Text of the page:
Tag Archives: emotion

A Picture = A Thousand Words

It may seem clichéd or elementary, but how many times have we heard, “A picture is worth a thousand words?” Writers often can’t use pictures in our work; we have to create them with words. In order to do that, we must draw forth a mental image for our readers to better understand what we are trying to say. For me, eliciting emotion is one way to accomplish that goal.

Many years ago, I worked for a company that sold bottled water and rented water coolers to deliver that water to their business clients. The coolers were able to provide cold water and hot water for different beverages and soups. We sales personnel were urged to use certain words that would conjure pictures in the customers’ minds to encourage them to want our products for their business customers. Hot water became “piping hot water” and cold water became “ice cold water.” We were even told to emphasize the “p” in piping and the “c” in ice to make it even easier to imagine.

As writers, we can do basically the same thing. In my book SHE HAD TO KNOW, I describe a castle in Scotland. The building is early-seventeenth-century, sits off the main road on the edge of a cliff overlooking a body of water, is on a moor with trees spotted about, and the castle is often surrounded by fog. I wanted to create an atmosphere of quaintness, mystery, a hauntingly gothic feel rather than just describe it literally.

This is how I created the picture of it:

Off the Corniche Road amidst vast desolate moorland and gnarled groves of trees stood the often fog shrouded Wraithmoor Castle, an early-seventeenth-century Scots Baronial manor house. Perched on a rocky cliff overlooking the Firth of Clyde, it lay dreamlike, as if a product of Morpheus, a few miles south of the village of Ballantrae.

Another example describes a character who is a famous and elegant mystery writer:

With shiny, blue-black chin-length hair and prominent angular nose, she posed a striking but elegant image. One was reminded of a raven seeking sustenance as her black eyes darted from guest to guest while peering over the rim of her brandy snifter.

The third example describes a trip from the Glasgow airport to the castle:

They skirted Ayr and Alloway, the birthplace of the poet Robert Burns, and continued south toward Maybole and Girvan. The road paralleled the Firth of Clyde that flowed to the Atlantic Ocean. High above, sea birds floated on invisible currants like terpsichorean ballerinas, their distant cries—music for the dance.

These examples use emotion to create the mood of the building, person and scenery in my story.

Have you different ways of using words to describe the pictures in your stories? I’d love to hear your methods or examples.

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Embracing Emotion

There is a wide range of basic emotions, including anger, aversion, courage, dejection, desire, despair, fear, hate, hope, love, sadness, disgust, joy, surprise, happiness, interest, wonder, sorrow, rage, terror, anxiety, contempt, distress, guilt shame, grief, elation, subjection, pain, pleasure, expectancy, panic.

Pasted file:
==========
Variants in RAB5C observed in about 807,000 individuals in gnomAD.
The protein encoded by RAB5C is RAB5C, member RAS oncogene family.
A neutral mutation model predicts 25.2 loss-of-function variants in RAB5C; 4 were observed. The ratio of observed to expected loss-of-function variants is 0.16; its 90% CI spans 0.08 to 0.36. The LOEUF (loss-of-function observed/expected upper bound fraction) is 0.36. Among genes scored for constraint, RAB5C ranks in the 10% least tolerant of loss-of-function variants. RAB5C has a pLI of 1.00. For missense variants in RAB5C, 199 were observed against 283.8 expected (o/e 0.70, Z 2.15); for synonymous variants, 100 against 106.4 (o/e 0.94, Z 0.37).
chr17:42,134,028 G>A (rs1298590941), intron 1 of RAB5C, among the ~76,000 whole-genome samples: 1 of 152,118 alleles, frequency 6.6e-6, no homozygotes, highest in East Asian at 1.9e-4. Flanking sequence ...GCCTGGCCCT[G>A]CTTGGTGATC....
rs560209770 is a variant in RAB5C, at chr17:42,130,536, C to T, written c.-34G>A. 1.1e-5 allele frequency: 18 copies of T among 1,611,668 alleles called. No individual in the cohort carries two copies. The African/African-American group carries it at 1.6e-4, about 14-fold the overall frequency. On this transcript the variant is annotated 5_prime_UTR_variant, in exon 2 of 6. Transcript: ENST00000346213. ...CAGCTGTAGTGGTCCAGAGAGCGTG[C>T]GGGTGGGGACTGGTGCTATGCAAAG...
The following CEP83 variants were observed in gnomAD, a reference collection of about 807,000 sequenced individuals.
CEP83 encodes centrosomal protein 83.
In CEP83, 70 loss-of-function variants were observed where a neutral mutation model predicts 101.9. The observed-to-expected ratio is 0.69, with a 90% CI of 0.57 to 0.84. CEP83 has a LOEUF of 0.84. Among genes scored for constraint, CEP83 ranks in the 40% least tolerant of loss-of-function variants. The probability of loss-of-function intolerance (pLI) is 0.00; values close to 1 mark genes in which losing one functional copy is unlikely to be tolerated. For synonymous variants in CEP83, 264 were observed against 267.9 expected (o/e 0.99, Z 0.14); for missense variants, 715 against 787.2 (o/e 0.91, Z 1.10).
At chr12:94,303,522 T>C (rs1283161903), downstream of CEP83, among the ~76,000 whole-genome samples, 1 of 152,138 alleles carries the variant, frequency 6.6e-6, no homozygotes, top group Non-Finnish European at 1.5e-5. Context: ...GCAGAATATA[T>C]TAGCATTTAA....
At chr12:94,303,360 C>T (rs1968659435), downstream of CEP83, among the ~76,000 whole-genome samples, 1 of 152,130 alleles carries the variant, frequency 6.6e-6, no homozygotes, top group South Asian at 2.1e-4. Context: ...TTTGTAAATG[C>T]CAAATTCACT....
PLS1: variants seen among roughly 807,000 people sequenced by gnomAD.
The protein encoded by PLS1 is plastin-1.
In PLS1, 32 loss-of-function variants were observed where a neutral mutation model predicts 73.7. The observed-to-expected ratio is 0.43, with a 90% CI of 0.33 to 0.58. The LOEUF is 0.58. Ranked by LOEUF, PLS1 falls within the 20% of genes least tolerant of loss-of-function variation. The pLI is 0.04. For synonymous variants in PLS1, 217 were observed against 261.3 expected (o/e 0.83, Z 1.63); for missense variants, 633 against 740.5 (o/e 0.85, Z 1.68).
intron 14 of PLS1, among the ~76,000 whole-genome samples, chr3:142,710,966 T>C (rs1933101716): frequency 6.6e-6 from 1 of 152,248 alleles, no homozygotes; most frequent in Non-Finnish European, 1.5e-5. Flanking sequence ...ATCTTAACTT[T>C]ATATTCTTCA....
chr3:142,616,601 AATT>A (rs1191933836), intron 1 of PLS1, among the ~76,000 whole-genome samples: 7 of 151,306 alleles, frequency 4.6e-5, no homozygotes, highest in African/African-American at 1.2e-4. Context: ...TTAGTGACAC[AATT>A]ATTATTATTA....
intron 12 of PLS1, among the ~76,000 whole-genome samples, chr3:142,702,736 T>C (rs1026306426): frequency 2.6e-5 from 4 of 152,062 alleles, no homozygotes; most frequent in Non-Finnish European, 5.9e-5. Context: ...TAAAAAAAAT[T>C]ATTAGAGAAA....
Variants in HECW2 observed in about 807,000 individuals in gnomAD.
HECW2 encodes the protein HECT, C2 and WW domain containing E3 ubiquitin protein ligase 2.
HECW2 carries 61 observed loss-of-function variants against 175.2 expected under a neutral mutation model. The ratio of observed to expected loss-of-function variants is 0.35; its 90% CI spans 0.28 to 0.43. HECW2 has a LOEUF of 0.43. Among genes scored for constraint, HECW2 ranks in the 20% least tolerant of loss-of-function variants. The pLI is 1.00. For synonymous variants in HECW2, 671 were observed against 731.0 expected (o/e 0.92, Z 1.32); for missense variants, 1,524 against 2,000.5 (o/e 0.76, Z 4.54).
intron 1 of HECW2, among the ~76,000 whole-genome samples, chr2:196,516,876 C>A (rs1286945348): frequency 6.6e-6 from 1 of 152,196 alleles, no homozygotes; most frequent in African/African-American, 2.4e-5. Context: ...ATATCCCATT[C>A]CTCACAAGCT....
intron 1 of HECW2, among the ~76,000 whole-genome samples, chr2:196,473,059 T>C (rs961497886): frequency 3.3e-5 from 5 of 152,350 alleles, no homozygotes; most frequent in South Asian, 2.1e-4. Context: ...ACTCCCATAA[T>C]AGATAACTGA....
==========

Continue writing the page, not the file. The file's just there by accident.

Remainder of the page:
Then there are a whole slew of secondary emotions such as curiosity, dread, tenseness, uneasiness, worry, alarm, fright, horror, mortification, shock, terror, amusement, ecstasy, bliss, elation, delight, jubilation, enthusiasm, excitement, exhilaration, fondness, attraction, adoration, caring, sentimentality, melancholy, despair, gloom, homesickness, embarrassment, humiliation, bitterness, resentment, loathing, hate.

With such a palette of emotion to choose from, every character should come alive, yet all too often the emotions that drive characters in books are the heavy hitters: fear and anger (thrillers) and lust (romance).

Perhaps this dearth of emotion is a holdover from the strong silent hero, the one who never showed emotion. Now that female characters have largely taken over the role of hero, they seem to be just as devoid of emotion, as if they are male characters disguised as female. I’m not advocating weak and emotional women characters, but still, tears (for example) are a part of human behavior and a way to express emotion. Besides, tears are not about weakness, but about releasing tension, so technically, a character who cries is as strong as a character who picks fights to relieve tension — though perhaps not quite as interesting to today’s readers.

When writers do let their characters get emotional, all too often the sentiment comes across as an artificial construct that has nothing to do with either the character or the story, but simply added to evoke empathy from readers. Yet for these strong feelings to come across as real and for the characters to come alive with grief or elation, hope or bitterness, love or hate, the emotions have to be an integral part of the story. In an emotional state, people often act differently — those falling in love behave irrationally at times (because, after all, love does appear to be an irrational state). Also, in an emotional state, people often see things differently — lovers become finely attuned to the object of their love and to the sight of others in love. A story needs to reflect this change of perspective. What was once important is no longer, for example, the executive who decides to chuck it all when she falls in love. This might be trite, but at least it shows emotion in action.

And emotion is action. By embracing emotion, the character does something, goes through a change, finds a resolution. It doesn’t matter if the emotion is upbeat or downbeat, positive or negative — the effect is the same.

So don’t be afraid of emotion, either yours or your character’s.

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Pat Bertram is the author of More Deaths Than OneA Spark of Heavenly Fire,  and Daughter Am I.

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